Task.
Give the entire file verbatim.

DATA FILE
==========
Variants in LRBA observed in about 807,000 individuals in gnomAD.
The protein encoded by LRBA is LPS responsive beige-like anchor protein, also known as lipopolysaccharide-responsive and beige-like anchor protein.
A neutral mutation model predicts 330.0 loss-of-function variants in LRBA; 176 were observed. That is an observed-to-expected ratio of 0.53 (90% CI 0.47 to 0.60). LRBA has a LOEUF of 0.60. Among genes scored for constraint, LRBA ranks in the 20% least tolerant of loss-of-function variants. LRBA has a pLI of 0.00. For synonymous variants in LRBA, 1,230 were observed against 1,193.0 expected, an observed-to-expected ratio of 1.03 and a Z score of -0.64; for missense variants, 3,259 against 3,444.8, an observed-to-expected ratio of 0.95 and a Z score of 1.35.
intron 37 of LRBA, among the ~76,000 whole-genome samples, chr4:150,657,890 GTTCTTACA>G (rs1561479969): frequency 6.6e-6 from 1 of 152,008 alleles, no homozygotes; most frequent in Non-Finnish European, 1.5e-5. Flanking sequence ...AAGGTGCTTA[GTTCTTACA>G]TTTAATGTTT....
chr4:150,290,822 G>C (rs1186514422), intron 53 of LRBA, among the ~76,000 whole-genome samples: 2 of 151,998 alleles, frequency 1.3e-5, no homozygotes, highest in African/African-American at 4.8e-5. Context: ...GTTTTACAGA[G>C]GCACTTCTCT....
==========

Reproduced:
Variants in LRBA observed in about 807,000 individuals in gnomAD.
The protein encoded by LRBA is LPS responsive beige-like anchor protein, also known as lipopolysaccharide-responsive and beige-like anchor protein.
A neutral mutation model predicts 330.0 loss-of-function variants in LRBA; 176 were observed. That is an observed-to-expected ratio of 0.53 (90% CI 0.47 to 0.60). LRBA has a LOEUF of 0.60. Among genes scored for constraint, LRBA ranks in the 20% least tolerant of loss-of-function variants. LRBA has a pLI of 0.00. For synonymous variants in LRBA, 1,230 were observed against 1,193.0 expected, an observed-to-expected ratio of 1.03 and a Z score of -0.64; for missense variants, 3,259 against 3,444.8, an observed-to-expected ratio of 0.95 and a Z score of 1.35.
intron 37 of LRBA, among the ~76,000 whole-genome samples, chr4:150,657,890 GTTCTTACA>G (rs1561479969): frequency 6.6e-6 from 1 of 152,008 alleles, no homozygotes; most frequent in Non-Finnish European, 1.5e-5. Flanking sequence ...AAGGTGCTTA[GTTCTTACA>G]TTTAATGTTT....
chr4:150,290,822 G>C (rs1186514422), intron 53 of LRBA, among the ~76,000 whole-genome samples: 2 of 151,998 alleles, frequency 1.3e-5, no homozygotes, highest in African/African-American at 4.8e-5. Context: ...GTTTTACAGA[G>C]GCACTTCTCT....